April 2007 – Building on the success of Visions, we launched Experience This! to promote our various student design teams and publicize their competitions. We’ve since turned this blog over to our student design center, which employs a talented photographer-turned-blogger who has fully embraced the technology.

June 2007 – We converted our internal email-only newsletter, the eConnection, into a blog with email feed to all subscribers. While this switched faced some resistance initially (when we directed people to go to the blog) we’ve since struck a happy medium by feeding the links into a twice-weekly html email that our faculty and staff can skim and click.

2008 – The year of the blog at S&T. We created three specific PR/marketing campaigns that had blogs as a focal point. They were:

  • The Best Ever Blog to promote the 100th anniversary of our campus’ famous St. Pat’s Celebration.
  • The Solar Miner VI Blog to promote our campus’ entry in the North American Solar Challenge last summer.
  • Most recently, we launched spacebook, a blog by and about S&T graduate and NASA astronaut Sandra Magnus, who is flying high above the earth in the Space Shuttle Endeavour on her way to the International Space Station. While on the space station, she’ll be blogging from space. Right now, as she’s en route, we’re posting her answers to questions from kids who attended Aerospace Camp on our campus last summer.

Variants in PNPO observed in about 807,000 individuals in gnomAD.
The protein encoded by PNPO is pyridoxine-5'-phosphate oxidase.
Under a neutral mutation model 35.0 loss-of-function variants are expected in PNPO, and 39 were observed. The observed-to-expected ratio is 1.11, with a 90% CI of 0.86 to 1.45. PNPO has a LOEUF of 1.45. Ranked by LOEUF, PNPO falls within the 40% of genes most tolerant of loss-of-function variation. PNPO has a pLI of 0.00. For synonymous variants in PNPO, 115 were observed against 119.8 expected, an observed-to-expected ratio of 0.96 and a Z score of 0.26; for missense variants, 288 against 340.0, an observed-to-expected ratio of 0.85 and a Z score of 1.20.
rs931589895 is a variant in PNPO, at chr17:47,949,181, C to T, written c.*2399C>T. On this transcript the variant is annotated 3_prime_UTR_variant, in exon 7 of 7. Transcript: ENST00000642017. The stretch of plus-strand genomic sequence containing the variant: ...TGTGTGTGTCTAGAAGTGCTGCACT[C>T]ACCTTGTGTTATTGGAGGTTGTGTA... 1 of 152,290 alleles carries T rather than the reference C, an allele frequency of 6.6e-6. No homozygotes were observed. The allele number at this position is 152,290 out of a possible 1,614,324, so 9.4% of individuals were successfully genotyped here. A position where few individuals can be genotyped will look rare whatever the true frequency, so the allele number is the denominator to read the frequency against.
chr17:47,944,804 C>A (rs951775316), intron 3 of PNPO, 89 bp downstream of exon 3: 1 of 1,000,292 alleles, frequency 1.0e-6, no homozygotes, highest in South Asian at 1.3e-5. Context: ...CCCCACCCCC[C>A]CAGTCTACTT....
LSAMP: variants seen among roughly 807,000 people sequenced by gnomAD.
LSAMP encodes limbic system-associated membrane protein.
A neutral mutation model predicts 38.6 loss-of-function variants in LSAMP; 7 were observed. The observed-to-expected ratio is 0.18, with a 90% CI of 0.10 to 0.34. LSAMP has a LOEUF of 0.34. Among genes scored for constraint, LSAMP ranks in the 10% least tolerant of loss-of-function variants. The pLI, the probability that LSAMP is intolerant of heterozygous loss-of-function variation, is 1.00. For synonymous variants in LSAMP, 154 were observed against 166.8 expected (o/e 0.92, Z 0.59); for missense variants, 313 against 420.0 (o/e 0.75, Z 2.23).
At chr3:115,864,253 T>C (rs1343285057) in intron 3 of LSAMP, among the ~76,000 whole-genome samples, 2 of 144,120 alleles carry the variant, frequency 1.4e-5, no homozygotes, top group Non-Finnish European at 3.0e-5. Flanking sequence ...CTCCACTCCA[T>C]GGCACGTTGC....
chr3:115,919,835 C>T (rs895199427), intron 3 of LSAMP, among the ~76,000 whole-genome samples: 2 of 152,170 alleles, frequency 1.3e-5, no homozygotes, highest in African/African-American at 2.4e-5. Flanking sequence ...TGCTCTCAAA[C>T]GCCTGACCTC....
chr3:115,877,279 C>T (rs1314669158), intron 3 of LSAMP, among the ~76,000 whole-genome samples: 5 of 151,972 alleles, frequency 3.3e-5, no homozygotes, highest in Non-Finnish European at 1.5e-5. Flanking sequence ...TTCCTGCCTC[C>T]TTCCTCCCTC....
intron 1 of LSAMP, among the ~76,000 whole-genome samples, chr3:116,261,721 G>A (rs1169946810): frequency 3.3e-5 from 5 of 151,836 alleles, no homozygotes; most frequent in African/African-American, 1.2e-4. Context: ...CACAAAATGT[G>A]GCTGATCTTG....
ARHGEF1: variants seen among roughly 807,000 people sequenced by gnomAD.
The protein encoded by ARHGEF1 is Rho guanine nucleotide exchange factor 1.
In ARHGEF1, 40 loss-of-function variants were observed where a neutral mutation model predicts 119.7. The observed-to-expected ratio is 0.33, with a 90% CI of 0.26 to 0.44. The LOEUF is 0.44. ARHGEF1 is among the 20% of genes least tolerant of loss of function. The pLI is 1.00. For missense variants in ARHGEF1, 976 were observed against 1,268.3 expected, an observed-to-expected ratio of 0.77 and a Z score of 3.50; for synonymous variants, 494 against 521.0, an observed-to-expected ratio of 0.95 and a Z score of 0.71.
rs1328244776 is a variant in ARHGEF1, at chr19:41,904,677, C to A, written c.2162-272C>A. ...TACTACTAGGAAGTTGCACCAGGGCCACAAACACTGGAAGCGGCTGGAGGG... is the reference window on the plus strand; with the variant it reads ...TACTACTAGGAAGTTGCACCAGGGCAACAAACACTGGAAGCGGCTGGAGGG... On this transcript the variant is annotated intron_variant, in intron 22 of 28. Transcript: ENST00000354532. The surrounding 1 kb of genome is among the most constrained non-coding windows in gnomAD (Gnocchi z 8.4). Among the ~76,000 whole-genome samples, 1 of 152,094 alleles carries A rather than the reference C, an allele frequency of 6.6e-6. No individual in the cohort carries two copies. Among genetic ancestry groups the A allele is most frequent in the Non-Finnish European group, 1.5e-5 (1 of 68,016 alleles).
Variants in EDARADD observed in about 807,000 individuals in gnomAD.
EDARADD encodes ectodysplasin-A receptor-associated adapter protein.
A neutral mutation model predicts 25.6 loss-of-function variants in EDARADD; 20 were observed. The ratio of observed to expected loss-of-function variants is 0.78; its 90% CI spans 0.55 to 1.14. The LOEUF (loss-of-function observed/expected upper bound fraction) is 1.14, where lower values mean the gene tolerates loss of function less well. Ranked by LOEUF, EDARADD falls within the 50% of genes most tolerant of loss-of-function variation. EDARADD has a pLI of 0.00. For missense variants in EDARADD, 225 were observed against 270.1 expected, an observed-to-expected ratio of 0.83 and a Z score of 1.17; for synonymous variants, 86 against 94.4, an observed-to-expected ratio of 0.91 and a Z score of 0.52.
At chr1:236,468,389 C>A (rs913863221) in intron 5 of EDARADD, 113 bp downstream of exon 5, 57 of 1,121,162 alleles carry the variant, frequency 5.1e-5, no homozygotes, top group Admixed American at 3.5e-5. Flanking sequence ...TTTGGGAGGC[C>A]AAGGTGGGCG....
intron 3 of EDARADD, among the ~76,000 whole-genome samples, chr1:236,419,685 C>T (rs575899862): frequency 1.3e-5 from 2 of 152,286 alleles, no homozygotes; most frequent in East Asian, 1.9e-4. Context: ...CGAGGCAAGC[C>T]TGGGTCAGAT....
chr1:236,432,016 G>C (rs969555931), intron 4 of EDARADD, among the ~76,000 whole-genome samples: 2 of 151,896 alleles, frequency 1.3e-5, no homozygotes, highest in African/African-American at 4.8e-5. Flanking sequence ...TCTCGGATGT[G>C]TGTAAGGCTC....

Also this year, we moved our news site into Movable Type, a blogging software, to make it 1.) easier on our staff to post news and 2.) easier for readers to comment and share news. We also feed our news and blogs through our Twitter account, which in turn feeds those posts to our official Missouri S&T Facebook page.